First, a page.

March 6, 2008

Internship advice, from an [almost] pro.

Posted in career, PR tagged , , at 8:51 pm by Rebecca Corliss

Today I went to speak with one of my PR professors, and there was a bunch of students in the “waiting room” who had gotten there before me. I sat in one of the chairs and overheard some girls chatting about finding internships and how nervous they were.

I started talking to one of the girls and asked her what type of internship she wanted. She wasn’t sure, but mentioned that she thought she was too late and would have to wait until next semester, the beginning of her junior year.

Through our conversation, I realized that so many students believe if they don’t rush to apply for an internship months before their expected start date, there’s no opportunities left. I completely disagree. It’s true that many companies do hire interns well in advance; however, that doesn’t mean there aren’t other places to practice your PR skills and learn something extra during the summer. What’s great about PR? Everyone needs it. And everyone loves free interns.

I suggested she look for some nonprofit organizations that might need help. I told her that my first internship was at a very small (yet very cool) nonprofit that holds monthly art events May-September. (At the time, I was specifically looking for creative arts companies when I stumbled upon this organization.) Needless to say, they hired me. On my first day, they basically told me to run free and do everything I could think of to get people to the events. To be thrown in head first is quite a scary thing, but I am so thankful for the experience.

Long story short, my advice to college sophomores and juniors is this:

1) No worries. At this stage of the game, there is no “too late.” If you are proactive enough, you will find something. Applying to internships early is a good strategy, but the experience from even (what someone might consider) a “left-over internship” is more valuable than nothing at all.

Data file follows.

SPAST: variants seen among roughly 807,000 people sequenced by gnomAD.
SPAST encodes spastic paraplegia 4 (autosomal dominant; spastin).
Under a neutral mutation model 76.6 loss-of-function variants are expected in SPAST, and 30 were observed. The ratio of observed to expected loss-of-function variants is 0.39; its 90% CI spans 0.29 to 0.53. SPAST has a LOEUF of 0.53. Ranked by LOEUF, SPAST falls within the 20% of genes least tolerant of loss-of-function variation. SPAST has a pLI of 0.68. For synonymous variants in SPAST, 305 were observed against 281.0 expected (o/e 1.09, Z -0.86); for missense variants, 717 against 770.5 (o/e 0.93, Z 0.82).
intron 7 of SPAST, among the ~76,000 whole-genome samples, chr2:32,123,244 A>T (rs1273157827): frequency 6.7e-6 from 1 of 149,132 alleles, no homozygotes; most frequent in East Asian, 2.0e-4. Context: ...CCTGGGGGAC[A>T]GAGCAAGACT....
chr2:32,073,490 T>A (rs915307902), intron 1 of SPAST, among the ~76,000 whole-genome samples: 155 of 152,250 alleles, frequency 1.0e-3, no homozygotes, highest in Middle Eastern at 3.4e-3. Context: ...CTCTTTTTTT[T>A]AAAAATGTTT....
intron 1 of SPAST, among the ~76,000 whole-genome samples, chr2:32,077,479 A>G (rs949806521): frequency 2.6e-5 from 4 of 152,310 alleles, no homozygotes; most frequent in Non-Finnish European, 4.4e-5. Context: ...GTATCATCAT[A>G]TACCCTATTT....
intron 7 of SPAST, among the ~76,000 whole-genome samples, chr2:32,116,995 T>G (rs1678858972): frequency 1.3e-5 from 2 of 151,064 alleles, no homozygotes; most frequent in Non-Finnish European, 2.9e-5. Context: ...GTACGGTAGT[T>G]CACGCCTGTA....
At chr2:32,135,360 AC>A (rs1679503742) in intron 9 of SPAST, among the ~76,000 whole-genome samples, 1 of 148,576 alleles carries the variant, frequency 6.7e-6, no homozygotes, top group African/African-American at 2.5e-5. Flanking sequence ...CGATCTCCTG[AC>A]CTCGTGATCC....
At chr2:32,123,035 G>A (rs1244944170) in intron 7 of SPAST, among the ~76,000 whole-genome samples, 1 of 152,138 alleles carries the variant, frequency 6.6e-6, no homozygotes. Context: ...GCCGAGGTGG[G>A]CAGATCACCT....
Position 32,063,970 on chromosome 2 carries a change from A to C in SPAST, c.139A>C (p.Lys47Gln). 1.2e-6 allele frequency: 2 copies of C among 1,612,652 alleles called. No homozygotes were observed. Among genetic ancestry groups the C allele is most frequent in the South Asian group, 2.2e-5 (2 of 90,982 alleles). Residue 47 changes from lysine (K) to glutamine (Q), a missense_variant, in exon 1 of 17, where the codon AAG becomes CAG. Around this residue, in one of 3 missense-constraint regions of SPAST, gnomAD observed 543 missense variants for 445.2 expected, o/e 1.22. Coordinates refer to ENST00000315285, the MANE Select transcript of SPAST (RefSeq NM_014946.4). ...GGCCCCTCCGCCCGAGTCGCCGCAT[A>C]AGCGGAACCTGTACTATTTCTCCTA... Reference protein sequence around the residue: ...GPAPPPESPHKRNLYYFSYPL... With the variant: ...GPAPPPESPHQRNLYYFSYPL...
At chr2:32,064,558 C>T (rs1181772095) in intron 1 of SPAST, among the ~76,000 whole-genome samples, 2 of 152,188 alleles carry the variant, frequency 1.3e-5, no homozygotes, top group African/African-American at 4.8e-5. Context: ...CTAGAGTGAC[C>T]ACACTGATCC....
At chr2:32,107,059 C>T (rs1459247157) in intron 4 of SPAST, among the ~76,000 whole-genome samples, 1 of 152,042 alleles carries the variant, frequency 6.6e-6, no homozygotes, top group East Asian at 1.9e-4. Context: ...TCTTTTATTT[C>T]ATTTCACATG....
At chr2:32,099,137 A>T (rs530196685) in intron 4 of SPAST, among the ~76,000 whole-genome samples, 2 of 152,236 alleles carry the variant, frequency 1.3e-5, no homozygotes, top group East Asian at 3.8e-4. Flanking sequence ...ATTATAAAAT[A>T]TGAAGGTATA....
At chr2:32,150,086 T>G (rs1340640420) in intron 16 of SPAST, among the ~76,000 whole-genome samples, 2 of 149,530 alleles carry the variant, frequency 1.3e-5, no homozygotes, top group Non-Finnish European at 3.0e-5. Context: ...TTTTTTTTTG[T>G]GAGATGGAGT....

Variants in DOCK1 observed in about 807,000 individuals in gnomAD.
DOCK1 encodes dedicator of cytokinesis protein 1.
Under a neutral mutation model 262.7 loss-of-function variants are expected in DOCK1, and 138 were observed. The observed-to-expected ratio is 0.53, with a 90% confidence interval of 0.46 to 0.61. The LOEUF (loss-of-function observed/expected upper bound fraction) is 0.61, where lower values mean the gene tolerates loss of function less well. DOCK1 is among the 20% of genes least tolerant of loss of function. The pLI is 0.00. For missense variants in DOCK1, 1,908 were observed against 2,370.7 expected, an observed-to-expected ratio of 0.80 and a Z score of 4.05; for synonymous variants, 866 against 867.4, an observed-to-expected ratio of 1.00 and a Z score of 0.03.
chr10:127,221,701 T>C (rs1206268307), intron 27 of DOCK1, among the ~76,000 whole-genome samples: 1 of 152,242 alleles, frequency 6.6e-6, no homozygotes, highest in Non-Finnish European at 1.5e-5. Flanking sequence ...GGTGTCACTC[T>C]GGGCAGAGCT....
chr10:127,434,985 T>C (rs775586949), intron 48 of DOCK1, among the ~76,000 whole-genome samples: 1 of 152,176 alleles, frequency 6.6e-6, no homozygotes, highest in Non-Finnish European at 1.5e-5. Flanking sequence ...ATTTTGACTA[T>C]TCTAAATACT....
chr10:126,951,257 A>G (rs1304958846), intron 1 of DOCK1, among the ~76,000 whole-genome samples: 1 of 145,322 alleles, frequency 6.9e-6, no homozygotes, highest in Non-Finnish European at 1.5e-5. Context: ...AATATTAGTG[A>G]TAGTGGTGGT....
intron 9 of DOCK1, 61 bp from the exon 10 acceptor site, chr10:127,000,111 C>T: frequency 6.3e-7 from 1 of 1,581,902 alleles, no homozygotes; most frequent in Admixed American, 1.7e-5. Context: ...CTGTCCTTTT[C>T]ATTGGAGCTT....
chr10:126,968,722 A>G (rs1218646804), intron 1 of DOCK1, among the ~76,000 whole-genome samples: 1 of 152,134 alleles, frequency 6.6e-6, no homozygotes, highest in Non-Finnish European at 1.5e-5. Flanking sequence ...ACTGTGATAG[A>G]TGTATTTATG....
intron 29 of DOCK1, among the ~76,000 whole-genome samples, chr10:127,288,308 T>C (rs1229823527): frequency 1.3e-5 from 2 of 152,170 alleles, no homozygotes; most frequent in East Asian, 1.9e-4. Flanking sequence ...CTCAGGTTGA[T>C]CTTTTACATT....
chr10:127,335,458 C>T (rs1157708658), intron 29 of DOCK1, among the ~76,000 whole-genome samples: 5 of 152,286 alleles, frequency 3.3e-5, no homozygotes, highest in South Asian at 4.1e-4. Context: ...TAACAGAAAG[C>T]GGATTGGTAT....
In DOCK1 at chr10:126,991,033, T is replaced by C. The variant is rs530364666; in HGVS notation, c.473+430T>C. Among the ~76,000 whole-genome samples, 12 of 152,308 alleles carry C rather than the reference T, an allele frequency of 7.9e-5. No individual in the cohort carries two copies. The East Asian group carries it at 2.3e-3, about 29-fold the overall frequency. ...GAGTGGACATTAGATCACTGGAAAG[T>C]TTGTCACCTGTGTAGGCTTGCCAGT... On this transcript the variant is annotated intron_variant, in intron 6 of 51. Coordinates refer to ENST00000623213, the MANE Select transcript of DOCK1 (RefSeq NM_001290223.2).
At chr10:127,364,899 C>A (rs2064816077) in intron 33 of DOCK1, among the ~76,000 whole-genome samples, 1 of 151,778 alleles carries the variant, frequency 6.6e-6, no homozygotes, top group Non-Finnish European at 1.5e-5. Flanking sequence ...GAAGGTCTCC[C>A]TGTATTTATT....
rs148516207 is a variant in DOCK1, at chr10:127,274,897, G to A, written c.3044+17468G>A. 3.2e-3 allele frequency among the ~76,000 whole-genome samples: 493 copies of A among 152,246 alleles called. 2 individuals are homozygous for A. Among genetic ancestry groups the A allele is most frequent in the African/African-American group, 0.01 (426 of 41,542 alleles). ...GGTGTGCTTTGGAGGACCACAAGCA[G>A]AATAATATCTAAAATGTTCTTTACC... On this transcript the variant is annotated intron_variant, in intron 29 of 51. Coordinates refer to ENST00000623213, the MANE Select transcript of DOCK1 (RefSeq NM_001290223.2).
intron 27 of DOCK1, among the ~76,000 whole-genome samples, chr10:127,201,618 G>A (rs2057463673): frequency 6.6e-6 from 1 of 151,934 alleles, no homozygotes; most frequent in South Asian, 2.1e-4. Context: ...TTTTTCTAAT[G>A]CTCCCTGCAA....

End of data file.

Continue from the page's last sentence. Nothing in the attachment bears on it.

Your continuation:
2) Collect as many internships as you can. I heard this all throughout my college career, and I’m saying it to the world now. The job market is super competitive, and experience is what sets us apart. If nothing else, learning how to function in different kinds of work settings is incredibly useful. It toughens you up for later.

3) Ignore the stigma that no-name companies are worthless. I think this is incorrect and insulting. None of my work experience is from a big name company, for the most part. I believe there are great benefits to working at smaller companies, because management will probably use you more than the global giants. Most likely, they also will give you more substantial things to do. By working at smaller companies, you can build your portfolio with things you’ve actually written, as opposed to things you’ve cut out of magazines.

4) Volunteer for stuff. Some of my best work comes from random opportunities when I decided to lend a hand. Helping people is a great way to make contacts, and you never know if they will want to offer you an internship/job in the future.

Good luck!

– Rebecca Corliss (RepCor)



  1. erinshizuewilliams said,


    That is some great advice. Iim still looking for my summer 2008 internship and I was getting a bit worried. But, I figure if I really can’t find anything, I can always volunteer for a non-profit.

    One comment I’ve heard from several public relations professionals is to keep calling. I don’t want to be annoying but at the same time I don’t want the company with my resume to forget about me. Do you have any comments about this?

    It’s always good to hear about what a “newer” professional has to say. I know you were recently in the internship market and have a feel for what is going on currently.



  2. I’m glad it helped! Where do you want to internship? Any particular city?

    As far as calling? Well. Persistence is good. It shows dedication, but don’t go overboard. I trust you’ll know when too much is too much. Twice at the most, I’d think. But spread out your calls. It really is a case-by-case situation.

    They won’t forget about you if they are truly looking to fill a position. And if they don’t choose you, I suggest calling and asking what could have made your application better. It’s tough to get criticism like that, but you’ll learn from it big time. And it shows how serious you are. Maybe you can make yourself even better and try again next summer!

    The fearless are winners. :)

  3. erinshizuewilliams said,

    I want to intern in Portland, Ore. That’s where I’m originally from and where my parents live.

    Of course, many of the internships I have came upon are in Seattle or in San Francisco. Not many between though!

    I’ll give them another call and let you know how it goes!

    Thanks again!

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